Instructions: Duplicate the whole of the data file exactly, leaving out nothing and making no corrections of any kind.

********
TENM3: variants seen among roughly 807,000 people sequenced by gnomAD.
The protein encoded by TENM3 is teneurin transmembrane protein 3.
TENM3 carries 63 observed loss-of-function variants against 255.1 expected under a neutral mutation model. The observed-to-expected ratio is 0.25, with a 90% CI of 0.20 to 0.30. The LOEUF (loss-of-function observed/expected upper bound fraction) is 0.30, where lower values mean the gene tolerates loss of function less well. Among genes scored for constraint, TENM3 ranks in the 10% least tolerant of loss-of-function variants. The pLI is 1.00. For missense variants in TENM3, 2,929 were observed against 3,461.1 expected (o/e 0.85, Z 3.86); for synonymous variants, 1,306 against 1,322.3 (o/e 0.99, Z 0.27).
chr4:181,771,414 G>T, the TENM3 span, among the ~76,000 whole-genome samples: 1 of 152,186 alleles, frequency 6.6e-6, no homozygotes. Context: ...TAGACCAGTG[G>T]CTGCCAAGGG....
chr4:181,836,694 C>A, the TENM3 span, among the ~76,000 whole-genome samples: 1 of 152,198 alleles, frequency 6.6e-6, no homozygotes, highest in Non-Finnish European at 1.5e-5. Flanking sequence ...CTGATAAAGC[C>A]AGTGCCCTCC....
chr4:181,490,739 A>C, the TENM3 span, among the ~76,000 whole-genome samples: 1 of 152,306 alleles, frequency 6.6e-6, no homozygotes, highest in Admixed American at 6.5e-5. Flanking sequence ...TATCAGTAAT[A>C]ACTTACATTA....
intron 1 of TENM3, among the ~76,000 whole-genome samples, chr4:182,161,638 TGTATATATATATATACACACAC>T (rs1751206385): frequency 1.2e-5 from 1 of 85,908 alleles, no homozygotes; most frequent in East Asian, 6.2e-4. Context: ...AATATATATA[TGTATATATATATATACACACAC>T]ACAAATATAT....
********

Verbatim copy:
TENM3: variants seen among roughly 807,000 people sequenced by gnomAD.
The protein encoded by TENM3 is teneurin transmembrane protein 3.
TENM3 carries 63 observed loss-of-function variants against 255.1 expected under a neutral mutation model. The observed-to-expected ratio is 0.25, with a 90% CI of 0.20 to 0.30. The LOEUF (loss-of-function observed/expected upper bound fraction) is 0.30, where lower values mean the gene tolerates loss of function less well. Among genes scored for constraint, TENM3 ranks in the 10% least tolerant of loss-of-function variants. The pLI is 1.00. For missense variants in TENM3, 2,929 were observed against 3,461.1 expected (o/e 0.85, Z 3.86); for synonymous variants, 1,306 against 1,322.3 (o/e 0.99, Z 0.27).
chr4:181,771,414 G>T, the TENM3 span, among the ~76,000 whole-genome samples: 1 of 152,186 alleles, frequency 6.6e-6, no homozygotes. Context: ...TAGACCAGTG[G>T]CTGCCAAGGG....
chr4:181,836,694 C>A, the TENM3 span, among the ~76,000 whole-genome samples: 1 of 152,198 alleles, frequency 6.6e-6, no homozygotes, highest in Non-Finnish European at 1.5e-5. Flanking sequence ...CTGATAAAGC[C>A]AGTGCCCTCC....
chr4:181,490,739 A>C, the TENM3 span, among the ~76,000 whole-genome samples: 1 of 152,306 alleles, frequency 6.6e-6, no homozygotes, highest in Admixed American at 6.5e-5. Flanking sequence ...TATCAGTAAT[A>C]ACTTACATTA....
intron 1 of TENM3, among the ~76,000 whole-genome samples, chr4:182,161,638 TGTATATATATATATACACACAC>T (rs1751206385): frequency 1.2e-5 from 1 of 85,908 alleles, no homozygotes; most frequent in East Asian, 6.2e-4. Context: ...AATATATATA[TGTATATATATATATACACACAC>T]ACAAATATAT....